They were interesting times too. We felt we had invented mediation – it seems forgetting the Conciliation Act of 1896, and the earlier peace circles of ancient civilisations. But commercial mediation spread like a shoal, spawning a vast fry of ADR, arbitration, med-arb, conciliation and early neutral evaluation.

Whilst professionals and others found ways to make money from the dispute resolution industry, restorative justice crept up on the nets with relative invisibility – or was it simply that we commercial mediators were not looking?  It seems that we in England had totally missed the pioneering efforts in 1992 of Canadian judge Stuart J in R v Moses. But following the success of initiatives in Northern Ireland, the restorative approach went on to capture both hearts and imaginations across the UK, and since then, whether by democratic socialism, or the post-Thatcherite hashtag ‘Big Society’, restorative justice has become well and truly embedded in post-sentence youth justice.

The Northern Irish experience showed that outside service providers – public authorities, police or private institutions – were unable to penetrate tight-knit, segregated communities. When it came, change resulted not from managed community initiatives, but from the vision and application of individuals – from people. They were the visionaries that recruited others not by salary, but by conscience –  involving ordinary, local people meeting other people with problems of conflict – to listen, to help, to suggest and to empower, with a belief that change is possible.

The concept of the restorative circle is integral to the community restorative process, although I have to admit that when I first encountered circles at the European Forum for RJ conference ‘Beyond Crime – pathways to desistance, social justice and peacebuilding’ in 2014 with Professor Dr Evelyn Zellerer, I was skeptical. The idea seemed a little too ‘touchy-feely’ for my commercial mediation tastes. It was only after participating in a circle, that I became hooked. Since then I have introduced circles into my model of dispute resolution and participated in countless circles with other practitioners.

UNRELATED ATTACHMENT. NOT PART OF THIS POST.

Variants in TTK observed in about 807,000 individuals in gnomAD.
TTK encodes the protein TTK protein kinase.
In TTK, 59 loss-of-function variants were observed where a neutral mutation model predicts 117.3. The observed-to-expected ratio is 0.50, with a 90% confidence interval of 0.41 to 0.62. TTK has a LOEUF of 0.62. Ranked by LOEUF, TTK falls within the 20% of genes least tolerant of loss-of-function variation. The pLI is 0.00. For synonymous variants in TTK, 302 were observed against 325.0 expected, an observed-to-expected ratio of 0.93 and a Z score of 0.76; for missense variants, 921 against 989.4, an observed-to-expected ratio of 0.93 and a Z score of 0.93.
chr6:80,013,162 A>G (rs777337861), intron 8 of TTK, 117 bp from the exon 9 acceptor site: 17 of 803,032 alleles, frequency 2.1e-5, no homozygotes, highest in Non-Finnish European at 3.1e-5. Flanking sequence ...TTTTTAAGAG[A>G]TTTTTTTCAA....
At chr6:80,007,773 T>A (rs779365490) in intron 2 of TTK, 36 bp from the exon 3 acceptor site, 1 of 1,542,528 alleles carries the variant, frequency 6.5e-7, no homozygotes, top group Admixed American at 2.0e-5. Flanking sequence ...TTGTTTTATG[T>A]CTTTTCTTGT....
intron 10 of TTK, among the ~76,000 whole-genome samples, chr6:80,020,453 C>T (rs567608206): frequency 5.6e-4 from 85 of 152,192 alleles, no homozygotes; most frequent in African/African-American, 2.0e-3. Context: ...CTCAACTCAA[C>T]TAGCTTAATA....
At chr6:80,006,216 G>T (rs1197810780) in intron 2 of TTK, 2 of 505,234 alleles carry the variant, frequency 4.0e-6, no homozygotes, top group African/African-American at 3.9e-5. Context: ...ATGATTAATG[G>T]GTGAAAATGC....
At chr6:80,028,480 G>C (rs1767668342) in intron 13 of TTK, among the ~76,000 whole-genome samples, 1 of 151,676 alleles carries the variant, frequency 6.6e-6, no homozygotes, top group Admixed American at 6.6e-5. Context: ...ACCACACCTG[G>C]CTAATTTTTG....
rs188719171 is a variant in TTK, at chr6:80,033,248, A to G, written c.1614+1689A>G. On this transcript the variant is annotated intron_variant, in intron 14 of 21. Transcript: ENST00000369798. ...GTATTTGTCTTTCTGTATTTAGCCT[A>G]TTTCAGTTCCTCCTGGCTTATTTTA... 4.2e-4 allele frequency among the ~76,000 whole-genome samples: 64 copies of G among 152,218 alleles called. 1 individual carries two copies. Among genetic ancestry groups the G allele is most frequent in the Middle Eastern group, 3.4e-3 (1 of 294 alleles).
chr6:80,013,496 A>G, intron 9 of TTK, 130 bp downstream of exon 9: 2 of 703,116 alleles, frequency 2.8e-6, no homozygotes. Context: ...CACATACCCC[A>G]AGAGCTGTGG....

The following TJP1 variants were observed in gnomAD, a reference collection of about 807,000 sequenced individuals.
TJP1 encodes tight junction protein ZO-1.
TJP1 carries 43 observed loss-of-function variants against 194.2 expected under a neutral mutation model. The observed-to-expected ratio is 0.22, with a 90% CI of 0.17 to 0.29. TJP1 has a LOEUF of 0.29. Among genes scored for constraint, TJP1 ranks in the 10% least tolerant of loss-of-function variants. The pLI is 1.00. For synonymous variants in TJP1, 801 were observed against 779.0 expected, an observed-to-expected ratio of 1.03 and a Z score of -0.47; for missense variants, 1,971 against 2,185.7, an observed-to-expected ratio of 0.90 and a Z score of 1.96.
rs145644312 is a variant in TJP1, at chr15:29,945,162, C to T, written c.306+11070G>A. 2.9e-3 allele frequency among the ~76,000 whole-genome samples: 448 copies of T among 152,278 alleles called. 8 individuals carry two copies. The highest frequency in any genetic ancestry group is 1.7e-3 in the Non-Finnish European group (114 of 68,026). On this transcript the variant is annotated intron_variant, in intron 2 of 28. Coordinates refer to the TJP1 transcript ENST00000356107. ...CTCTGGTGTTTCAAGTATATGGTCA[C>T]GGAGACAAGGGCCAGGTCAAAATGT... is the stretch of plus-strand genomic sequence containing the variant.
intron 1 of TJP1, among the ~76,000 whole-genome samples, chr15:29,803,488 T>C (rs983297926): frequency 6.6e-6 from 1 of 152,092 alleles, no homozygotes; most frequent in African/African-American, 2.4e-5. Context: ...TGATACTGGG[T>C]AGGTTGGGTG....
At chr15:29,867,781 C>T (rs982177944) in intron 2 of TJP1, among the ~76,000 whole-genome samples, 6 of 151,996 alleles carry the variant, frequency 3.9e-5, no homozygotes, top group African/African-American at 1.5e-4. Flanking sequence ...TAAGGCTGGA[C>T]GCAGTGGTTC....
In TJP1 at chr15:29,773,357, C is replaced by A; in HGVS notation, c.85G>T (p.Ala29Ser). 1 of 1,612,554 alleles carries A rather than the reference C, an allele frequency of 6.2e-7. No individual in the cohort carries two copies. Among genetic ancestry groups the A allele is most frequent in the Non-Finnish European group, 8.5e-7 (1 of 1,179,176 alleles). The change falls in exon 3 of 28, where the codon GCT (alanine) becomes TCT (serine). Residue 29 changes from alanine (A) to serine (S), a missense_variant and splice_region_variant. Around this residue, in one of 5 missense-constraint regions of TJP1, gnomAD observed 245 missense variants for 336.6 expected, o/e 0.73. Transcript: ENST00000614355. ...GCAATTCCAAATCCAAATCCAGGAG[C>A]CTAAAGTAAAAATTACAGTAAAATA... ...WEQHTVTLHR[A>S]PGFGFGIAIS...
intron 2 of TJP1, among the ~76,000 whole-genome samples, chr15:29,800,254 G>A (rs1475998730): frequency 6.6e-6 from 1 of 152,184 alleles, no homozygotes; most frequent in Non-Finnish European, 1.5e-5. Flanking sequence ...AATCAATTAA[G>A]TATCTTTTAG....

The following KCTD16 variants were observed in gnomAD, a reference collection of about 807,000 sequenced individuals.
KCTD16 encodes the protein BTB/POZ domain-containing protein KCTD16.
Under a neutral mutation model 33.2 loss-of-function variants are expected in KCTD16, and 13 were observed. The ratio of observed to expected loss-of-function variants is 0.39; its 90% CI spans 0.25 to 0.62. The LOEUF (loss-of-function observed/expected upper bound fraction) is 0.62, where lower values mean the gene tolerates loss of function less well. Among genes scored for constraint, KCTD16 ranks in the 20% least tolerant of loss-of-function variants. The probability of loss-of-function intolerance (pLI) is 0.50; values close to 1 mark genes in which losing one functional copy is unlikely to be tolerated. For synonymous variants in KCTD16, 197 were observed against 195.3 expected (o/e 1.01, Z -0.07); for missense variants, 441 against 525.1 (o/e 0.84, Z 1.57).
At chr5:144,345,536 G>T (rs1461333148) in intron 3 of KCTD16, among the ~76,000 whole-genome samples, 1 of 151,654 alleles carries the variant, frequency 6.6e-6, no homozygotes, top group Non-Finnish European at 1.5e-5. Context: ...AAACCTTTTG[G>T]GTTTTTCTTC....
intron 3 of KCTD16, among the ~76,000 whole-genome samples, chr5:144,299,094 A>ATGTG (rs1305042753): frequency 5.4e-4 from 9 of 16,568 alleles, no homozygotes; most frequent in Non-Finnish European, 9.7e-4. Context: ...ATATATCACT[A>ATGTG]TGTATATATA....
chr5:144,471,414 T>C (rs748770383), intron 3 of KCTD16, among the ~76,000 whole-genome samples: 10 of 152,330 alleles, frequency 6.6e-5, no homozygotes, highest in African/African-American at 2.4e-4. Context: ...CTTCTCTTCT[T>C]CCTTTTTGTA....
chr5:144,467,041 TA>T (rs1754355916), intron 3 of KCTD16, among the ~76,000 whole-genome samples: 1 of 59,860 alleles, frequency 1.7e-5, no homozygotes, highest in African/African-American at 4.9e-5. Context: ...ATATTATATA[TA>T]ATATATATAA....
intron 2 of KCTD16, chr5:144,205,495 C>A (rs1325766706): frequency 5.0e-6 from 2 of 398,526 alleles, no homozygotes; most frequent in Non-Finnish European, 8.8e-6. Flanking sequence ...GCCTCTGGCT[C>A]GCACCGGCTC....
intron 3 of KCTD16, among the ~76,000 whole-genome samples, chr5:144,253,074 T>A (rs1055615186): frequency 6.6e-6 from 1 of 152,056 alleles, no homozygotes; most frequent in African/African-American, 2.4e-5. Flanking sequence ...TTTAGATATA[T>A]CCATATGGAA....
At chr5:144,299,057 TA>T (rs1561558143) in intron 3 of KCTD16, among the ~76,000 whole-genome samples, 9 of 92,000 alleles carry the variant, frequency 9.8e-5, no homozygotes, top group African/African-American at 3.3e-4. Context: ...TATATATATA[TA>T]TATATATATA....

But, what of its use within criminal justice as part of the sentencing process?

In R v Moses, Barry Stuart observed, “Many might debate the extent any decision-making process shapes the result, but indisputably process can be as determinative as content. In sentencing, process profoundly influences the result. The process influences, not just what, and how matters are addressed, but who participates and what impact each person has in shaping the final decision”.

“Currently the search for improving sentencing process champions a greater role for victims of crime, reconciliation, restraint in the use of incarceration, and a broadening of sentencing alternatives that involves less government expenditure and more community participation. As many studies expose the imprudence of excessive reliance upon punishment as the central objective in sentencing, rehabilitation and reconciliation are properly accorded greater emphasis. All these changes call upon communities to become more actively involved and to assume more responsibility for resolving conflict. To engage meaningful community participation, the sentence decision-making process must be altered to share power with the community, and where appropriate, communities must be empowered to resolve many conflicts now processed through criminal courts”.